As an ancient Chinese practice, tai chi may seem foreign and even intimidating. Only about 1% of the U.S. population, or about 3.65 million Americans, reported doing tai chi in 2015. That means a lot of Americans are missing out on the myriad benefits that tai chi has to offer. The goal of this blog is to make tai chi more familiar, more accessible, and easy to practice regularly even right in your living room.
Mind-body exercises, such as tai chi and yoga, have been gaining popularity over the past few decades. This is not surprising, given the increasing number of studies on the positive effects of these gentler forms of exercise, everything from lowering blood pressure and managing depression to building strength and improving balance. There is even evidence that tai chi may help you live a longer, more vital life.
Studies have confirmed that the mind-body practice of tai chi produces a state of relaxed attention, in addition to improving balance, muscle endurance, cognitive function and overall quality of life.
Tai chi is low impact and puts minimal stress on muscles and joints, making it generally safe for all ages and fitness levels. In fact, because tai chi is a low-impact exercise, it may be especially suitable if you’re an older adult who otherwise may not exercise. It’s also great for younger adults looking for a break in high intensity, high impact exercise that can damage joints over time.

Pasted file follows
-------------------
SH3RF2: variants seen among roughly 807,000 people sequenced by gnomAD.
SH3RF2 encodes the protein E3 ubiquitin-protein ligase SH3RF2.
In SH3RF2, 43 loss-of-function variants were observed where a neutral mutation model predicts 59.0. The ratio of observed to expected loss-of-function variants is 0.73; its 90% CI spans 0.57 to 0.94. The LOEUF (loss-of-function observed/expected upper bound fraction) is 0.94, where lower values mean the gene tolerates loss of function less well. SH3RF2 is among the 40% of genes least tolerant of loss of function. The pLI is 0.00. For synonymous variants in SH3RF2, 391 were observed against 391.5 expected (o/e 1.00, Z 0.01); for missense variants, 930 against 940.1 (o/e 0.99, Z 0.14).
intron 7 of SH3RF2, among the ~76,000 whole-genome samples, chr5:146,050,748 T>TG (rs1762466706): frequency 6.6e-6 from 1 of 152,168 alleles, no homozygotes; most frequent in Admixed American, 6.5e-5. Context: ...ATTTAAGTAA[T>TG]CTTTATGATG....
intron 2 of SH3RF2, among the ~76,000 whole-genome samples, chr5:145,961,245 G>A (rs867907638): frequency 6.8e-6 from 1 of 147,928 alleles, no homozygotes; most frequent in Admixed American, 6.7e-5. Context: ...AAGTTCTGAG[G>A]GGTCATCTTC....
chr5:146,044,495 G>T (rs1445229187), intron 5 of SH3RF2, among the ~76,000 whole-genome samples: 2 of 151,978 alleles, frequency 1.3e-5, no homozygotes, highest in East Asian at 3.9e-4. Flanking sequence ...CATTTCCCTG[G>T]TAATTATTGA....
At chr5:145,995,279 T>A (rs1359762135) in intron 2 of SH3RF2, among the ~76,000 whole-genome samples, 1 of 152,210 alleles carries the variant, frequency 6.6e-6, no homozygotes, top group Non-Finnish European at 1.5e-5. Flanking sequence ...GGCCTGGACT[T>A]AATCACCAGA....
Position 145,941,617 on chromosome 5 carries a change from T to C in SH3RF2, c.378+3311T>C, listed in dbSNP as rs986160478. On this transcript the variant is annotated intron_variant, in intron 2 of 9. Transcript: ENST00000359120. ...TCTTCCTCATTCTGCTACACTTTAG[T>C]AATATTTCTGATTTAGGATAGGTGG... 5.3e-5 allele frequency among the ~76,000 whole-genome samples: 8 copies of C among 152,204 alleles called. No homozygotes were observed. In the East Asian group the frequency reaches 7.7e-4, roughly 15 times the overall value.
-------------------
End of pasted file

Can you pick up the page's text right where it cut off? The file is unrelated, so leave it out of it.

You may also find tai chi appealing because it’s inexpensive and requires no special equipment. You can do tai chi anywhere, including indoors or outside. And you can do tai chi alone or in a group class.
Although tai chi is generally safe, women who are pregnant or people with joint problems, back pain, fractures, severe osteoporosis or a hernia should consult their health care provider before trying tai chi. Modification or avoidance of certain postures may be recommended.